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Canada's Meghan Agosta-Marciano, right, celebrates her goal against Finland with teammates, from left to right, Hayley Wickenheiser (22), Natalie Spooner (24), Marie-Philip Poulin (29) and Caroline Ouellette (13), during the third of their women's ice hockey game at the 2014 Sochi Winter Olympics, February 10, 2014. (GRIGORY DUKOR/REUTERS)
Canada's Meghan Agosta-Marciano, right, celebrates her goal against Finland with teammates, from left to right, Hayley Wickenheiser (22), Natalie Spooner (24), Marie-Philip Poulin (29) and Caroline Ouellette (13), during the third of their women's ice hockey game at the 2014 Sochi Winter Olympics, February 10, 2014. (GRIGORY DUKOR/REUTERS)

How Team Canada is embracing four-day break before women’s semi-final Add to ...

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Four days off didn’t seem like a long break to the Canadian women’s hockey team or their head coach.

Canada doesn’t play again at the 2014 Sochi Winter Olympics until Monday’s semi-final. The defending champions capped the preliminary round with a 3-2 win Wednesday over arch-rival United States and went unbeaten in three games.

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Canada’s reward was a day off from the rink and each other Thursday to go experience the Games, watch Canadians compete in other sports, shop, eat and rest before getting back to work.

“I’ve told them I don’t want to see them or speak to them,” coach Kevin Dineen said. “All of a sudden, you get together a day later, absence makes the heart grow fonder.

“I think a day away, let them go enjoy the Olympic experience and come back full of juice on Friday.”

Canada faced the same four-day gap between its final round-robin game and semi-final four years ago in Vancouver.

After outscoring their opposition 41-2, then-coach Melody Davidson was worried about keeping her players sharp for the medal round. So the Canadian women played an extra game during that break against the Vancouver Northwest Giants boys’ team, two days before a 5-0 victory over Finland in the semi-final.

But because of the change in the tournament format, Canada had a more strenuous round-robin in Sochi than in Vancouver.

Canada’s Group A included the United States, Finland and Switzerland. The four are the top-ranked countries in the world in women’s hockey.

So no extra games required in Sochi, according to Canadian captain Caroline Ouellette.

“The way the divisions are made here, those were tougher games that we played so we’re going to need that rest and we’re going to be ready for the semi-final without secret games,” Ouellette said.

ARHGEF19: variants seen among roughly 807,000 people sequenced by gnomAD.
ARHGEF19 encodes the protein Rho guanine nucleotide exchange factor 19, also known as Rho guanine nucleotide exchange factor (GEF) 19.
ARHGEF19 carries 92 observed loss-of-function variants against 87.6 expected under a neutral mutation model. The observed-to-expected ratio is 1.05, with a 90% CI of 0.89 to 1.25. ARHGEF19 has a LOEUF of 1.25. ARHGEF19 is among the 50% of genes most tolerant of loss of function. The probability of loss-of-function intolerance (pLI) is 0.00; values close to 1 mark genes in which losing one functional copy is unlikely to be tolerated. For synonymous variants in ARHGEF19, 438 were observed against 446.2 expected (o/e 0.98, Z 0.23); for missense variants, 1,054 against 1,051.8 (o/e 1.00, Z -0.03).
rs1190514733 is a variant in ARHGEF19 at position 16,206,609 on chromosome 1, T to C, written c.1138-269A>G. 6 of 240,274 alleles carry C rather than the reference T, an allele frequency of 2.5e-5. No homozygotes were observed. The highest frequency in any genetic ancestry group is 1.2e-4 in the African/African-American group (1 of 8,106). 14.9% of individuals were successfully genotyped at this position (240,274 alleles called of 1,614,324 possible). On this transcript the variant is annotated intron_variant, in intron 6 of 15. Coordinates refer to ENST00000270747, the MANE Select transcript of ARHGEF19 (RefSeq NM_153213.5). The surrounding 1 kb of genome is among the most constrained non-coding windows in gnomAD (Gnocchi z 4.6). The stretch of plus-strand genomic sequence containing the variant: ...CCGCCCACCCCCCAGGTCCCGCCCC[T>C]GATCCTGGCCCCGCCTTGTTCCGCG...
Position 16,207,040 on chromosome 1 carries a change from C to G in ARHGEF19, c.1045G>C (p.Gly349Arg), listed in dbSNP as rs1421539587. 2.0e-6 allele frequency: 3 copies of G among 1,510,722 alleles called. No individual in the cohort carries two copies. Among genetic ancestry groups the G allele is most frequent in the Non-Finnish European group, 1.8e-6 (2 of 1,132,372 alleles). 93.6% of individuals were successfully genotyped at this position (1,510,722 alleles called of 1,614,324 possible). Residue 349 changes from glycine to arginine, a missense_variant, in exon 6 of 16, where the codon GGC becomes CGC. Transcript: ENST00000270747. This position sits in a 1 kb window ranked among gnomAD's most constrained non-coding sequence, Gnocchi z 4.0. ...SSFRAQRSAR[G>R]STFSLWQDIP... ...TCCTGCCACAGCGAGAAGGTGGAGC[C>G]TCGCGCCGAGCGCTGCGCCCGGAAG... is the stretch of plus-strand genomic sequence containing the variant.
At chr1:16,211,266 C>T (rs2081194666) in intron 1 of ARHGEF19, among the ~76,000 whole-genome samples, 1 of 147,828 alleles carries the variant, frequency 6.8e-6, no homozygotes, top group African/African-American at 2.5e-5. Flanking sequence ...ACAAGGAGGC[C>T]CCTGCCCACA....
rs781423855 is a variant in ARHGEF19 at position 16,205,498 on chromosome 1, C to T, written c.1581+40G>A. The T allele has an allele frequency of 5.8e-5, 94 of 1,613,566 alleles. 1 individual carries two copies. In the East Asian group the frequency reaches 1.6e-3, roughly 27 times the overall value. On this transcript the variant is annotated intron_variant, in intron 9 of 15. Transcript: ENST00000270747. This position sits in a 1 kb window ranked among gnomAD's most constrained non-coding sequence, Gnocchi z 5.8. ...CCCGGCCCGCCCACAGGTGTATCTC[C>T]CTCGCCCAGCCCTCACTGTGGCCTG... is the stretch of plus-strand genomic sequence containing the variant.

The Americans will play in Monday’s semi-final after going 2-1 in the round-robin. The reigning world champions were also given the day off Thursday by coach Katey Stone.

Neither Stone nor Dineen seemed worried their players would relax too much with daytime temperatures in the mid-teens C, palm trees lining the streets and the Black Sea visible from their windows in the athletes village.

“There’s no concern about going into vacation mode from our end of it,” Stone said.

Judging from their tweets, the Canadian women made the most of the day off. Edmonton defenceman Meaghan Mikkelson was headed to watch speed skating.

Forward Meghan Agosta-Marciano of Ruthven, Ont., posted a photo of her getting a leg massage. Assistant captain Hayley Wickenheiser of Shaunavon, Sask., also posted a photo after a meal with her son and parents at a sea-side restaurant.

Group B teams Finland, Switzerland, Russia and Sweden will play in Saturday’s quarter-finals. The final and bronze-medal games are Feb. 20.

Wickenheiser, Canada’s flag-bearer at the opening ceremony, says it was important for her and her teammates to use their day off wisely.

“It’s a balance of energy,” she said. “You really have to stay in your routine and do what you would do at home. Get out and enjoy it, but then get off your legs and make sure you’re mentally sharp more than anything.

“Everybody gets to go and enjoy the Olympic Games because that’s part of this too, but then we have three days to really bear down for a tough semi-final game.”

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